The government said in a statement that the operation will take place with "dignity and respect", and in the presence of the Franco family.
Works to remove Franco's remains will begin at 10.30 a.m. on Thursday. Both the exhumation and reburial will take place privately, in the presence of family members.
Justice Minister Dolores Delgado will attend on behalf of the royal household.
His body lies under the floor at the foot of the main altar in the basilica within the Valley of the Fallen - the colossal monument that is a controversial symbol of the military dictatorship that took hold in Spain after the Civil War (1936-39).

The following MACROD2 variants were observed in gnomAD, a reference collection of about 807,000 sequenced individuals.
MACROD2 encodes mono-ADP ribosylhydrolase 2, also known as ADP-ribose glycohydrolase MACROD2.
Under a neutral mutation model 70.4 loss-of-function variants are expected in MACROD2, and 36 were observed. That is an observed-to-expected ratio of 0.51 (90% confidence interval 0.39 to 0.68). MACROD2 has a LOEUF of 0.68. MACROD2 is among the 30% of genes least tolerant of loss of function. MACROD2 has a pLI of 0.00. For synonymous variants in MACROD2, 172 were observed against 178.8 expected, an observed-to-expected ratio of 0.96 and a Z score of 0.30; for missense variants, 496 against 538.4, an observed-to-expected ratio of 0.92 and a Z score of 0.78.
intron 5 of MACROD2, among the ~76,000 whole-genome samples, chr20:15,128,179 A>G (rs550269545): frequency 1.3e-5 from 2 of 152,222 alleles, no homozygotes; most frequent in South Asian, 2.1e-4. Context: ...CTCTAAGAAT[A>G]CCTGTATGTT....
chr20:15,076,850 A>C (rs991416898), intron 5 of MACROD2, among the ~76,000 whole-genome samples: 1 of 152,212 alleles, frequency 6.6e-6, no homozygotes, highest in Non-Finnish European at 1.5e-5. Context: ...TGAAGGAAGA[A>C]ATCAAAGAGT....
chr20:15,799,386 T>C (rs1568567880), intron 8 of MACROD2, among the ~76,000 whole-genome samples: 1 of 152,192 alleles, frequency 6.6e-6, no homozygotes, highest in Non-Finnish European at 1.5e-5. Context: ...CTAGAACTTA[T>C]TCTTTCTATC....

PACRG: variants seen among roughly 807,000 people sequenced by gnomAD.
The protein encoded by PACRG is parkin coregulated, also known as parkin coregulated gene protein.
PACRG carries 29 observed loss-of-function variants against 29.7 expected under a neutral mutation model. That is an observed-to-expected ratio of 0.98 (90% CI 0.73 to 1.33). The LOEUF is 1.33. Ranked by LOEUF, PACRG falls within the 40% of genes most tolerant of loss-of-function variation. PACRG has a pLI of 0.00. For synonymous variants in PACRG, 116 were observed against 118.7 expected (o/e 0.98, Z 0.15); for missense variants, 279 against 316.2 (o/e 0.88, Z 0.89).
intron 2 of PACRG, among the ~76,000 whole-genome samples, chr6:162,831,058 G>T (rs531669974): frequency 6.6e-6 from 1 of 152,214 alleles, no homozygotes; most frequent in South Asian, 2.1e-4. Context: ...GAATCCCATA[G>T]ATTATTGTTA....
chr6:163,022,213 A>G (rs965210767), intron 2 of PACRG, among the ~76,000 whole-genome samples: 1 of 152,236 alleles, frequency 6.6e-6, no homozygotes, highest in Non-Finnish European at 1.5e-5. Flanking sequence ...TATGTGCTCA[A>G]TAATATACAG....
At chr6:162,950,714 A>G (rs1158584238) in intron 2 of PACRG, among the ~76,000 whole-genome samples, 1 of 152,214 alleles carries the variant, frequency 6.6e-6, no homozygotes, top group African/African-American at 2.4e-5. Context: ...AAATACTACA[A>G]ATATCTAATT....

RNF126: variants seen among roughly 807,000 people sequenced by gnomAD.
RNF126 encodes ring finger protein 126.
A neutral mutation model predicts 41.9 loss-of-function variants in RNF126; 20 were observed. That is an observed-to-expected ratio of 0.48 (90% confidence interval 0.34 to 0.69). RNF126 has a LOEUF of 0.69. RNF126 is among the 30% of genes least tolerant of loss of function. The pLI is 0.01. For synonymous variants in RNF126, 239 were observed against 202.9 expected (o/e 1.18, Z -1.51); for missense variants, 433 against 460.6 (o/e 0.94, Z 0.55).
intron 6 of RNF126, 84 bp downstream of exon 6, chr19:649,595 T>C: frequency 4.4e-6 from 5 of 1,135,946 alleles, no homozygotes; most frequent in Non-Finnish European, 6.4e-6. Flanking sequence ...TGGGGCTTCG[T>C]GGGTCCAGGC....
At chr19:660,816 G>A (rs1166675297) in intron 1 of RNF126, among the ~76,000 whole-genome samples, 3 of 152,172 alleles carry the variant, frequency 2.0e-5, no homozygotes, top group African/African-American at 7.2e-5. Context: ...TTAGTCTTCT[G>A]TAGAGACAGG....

The government of Socialist Prime Minister Pedrp Sanchez decided to remove the dictator's remains, despite legal push-back from Franco's grandchildren.
About 34,000 people who died on both sides of the conflict are also buried at the complex outside of Madrid.
Franco died in November 1975 after a series of illnesses, having ruled Spain with an iron fist for four decades.
The 492-foot granite cross towering over the complex can be seen from several miles away, which many Republican survivors, their relatives and democratically-minded citizens consider offensive.
It is considered the only state-endorsed mass pilgrimage site remaining in Europe after the end of World War II.